Then add some extra config:

let g:solarized_contrast="high"                                 "vim-colors-solarized
set background=dark
colorscheme solarized                                           "vim-colors-solorized

This will configure high contast solarazid colorscheme with a dark background.

At this point, you might feel tired of typing the same PlugInstall command, again and again. No problem, let’s use vim automation power, adding the following line to ~/.vimrc:

" reloads .vimrc -- making all changes active
map <silent> <Leader>v :source ~/.vimrc<CR>:PlugInstall<CR>:bdelete<CR>:exe ":echo 'vimrc reloaded'"<CR>

Save and relaunch vim for the last time. From now on ,v will automatically reload your ~/.vimrc and install the pluging.


To get the most of your screen estate, let’s improve the vim status line. There are several plugins existing to do so: Powerline, Airline and Lightline.

I’ve used them all, and I currently use Lightline because it is minimalist and does not rely on other plugins implementation.

The plugin invocation in ~/.vimrc:

Plug 'itchyny/lightline.vim'

The basic configuration:

" Lightline

let g:lightline = { 'colorscheme': 'solarized', }               "vim-lightline
set laststatus=2                                                "vim-lightline
set noshowmode                                                  "vim-lightline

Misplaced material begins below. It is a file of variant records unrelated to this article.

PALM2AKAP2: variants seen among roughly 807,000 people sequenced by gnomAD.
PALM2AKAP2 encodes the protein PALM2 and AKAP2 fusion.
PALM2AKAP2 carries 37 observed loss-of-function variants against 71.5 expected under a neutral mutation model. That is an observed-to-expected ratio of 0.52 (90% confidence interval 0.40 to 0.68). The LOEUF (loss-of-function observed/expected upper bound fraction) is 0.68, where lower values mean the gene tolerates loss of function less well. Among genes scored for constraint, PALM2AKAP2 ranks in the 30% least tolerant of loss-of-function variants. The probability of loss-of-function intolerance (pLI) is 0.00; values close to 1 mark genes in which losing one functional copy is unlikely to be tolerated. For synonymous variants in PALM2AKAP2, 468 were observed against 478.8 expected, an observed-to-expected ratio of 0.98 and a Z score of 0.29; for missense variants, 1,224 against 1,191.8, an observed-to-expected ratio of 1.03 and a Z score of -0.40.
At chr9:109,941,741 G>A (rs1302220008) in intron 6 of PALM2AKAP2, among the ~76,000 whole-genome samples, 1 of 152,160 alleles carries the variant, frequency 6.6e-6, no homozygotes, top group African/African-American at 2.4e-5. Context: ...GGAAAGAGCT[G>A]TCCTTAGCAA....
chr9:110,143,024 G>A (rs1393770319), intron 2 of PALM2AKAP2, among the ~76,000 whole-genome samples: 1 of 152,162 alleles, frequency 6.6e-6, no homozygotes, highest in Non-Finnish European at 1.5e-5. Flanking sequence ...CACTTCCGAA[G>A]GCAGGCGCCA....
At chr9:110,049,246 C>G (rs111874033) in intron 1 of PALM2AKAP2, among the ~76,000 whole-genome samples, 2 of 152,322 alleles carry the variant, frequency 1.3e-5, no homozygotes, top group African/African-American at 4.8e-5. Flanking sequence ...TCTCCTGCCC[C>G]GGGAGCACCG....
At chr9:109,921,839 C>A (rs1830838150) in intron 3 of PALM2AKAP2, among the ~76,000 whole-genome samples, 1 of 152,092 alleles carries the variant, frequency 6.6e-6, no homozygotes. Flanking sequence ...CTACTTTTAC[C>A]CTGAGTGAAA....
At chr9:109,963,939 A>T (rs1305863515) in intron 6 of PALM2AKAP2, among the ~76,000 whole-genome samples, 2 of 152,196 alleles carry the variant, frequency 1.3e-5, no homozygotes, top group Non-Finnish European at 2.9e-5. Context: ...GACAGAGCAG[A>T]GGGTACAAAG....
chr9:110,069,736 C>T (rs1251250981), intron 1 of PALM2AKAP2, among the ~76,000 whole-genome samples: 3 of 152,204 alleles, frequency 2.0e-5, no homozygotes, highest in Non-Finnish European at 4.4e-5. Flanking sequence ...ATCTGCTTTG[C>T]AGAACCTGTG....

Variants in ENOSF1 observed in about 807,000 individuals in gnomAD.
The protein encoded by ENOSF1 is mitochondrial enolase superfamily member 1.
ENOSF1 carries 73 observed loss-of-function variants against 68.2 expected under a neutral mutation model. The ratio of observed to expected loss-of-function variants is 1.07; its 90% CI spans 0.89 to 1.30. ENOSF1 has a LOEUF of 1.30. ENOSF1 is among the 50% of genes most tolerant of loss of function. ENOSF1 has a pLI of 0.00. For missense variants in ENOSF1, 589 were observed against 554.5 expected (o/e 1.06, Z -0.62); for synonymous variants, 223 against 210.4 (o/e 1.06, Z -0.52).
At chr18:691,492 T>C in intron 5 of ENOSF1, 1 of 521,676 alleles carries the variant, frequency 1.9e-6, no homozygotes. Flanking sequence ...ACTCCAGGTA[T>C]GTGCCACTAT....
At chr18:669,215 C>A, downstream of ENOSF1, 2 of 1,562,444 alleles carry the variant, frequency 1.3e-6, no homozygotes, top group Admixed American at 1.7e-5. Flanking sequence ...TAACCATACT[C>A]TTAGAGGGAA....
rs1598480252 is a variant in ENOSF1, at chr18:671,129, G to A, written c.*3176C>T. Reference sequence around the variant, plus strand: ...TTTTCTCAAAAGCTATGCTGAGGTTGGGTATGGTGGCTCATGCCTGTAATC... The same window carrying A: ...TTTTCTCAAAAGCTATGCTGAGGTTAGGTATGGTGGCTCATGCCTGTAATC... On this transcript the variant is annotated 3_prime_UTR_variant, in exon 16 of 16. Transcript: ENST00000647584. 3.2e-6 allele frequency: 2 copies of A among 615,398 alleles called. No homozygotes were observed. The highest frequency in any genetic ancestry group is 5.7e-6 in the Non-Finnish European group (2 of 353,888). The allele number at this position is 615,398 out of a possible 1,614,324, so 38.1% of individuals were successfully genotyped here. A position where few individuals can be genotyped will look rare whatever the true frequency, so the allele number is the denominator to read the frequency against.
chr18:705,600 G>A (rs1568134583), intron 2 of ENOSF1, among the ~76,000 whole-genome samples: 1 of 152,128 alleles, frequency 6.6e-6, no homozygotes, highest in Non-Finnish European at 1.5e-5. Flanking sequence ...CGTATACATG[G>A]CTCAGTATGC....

The first line bind the solarized colorscheme to the status line. Setting ‘laststatus’ to 2 ensure that the satus line is always visible. The ‘noshowmode’ remove the vim mode information line, as it’s displayed in status line.

Don’t forget to type ,v and show your pride as the status line appears.


Syntax highlighting is a must have in any decent code editor. And while vim has it built in, Polyglot brings all the latest syntax/indent pack for tons of languages and load them on demand.

If you use one or more language plugin in vim, save you some time and switch to Polyglot.

All you have to do is to add the plugin line to ~/.vimrc

Plug 'sheerun/vim-polyglot'

And then reload/reinstall thourgh ,v


More and more projects use .editorconfig file to defines the indent/format rules.

Make your vim aware of this file by adding the right plugin to your ~/.vimrc

Plug 'editorconfig/editorconfig-vim'

If you want an example of such .editorconfig for your project, here’s mine:

# EditorConfig is awesome:

# top-most EditorConfig file
root = true

# Unix-style newlines with a newline ending every file
end_of_line = lf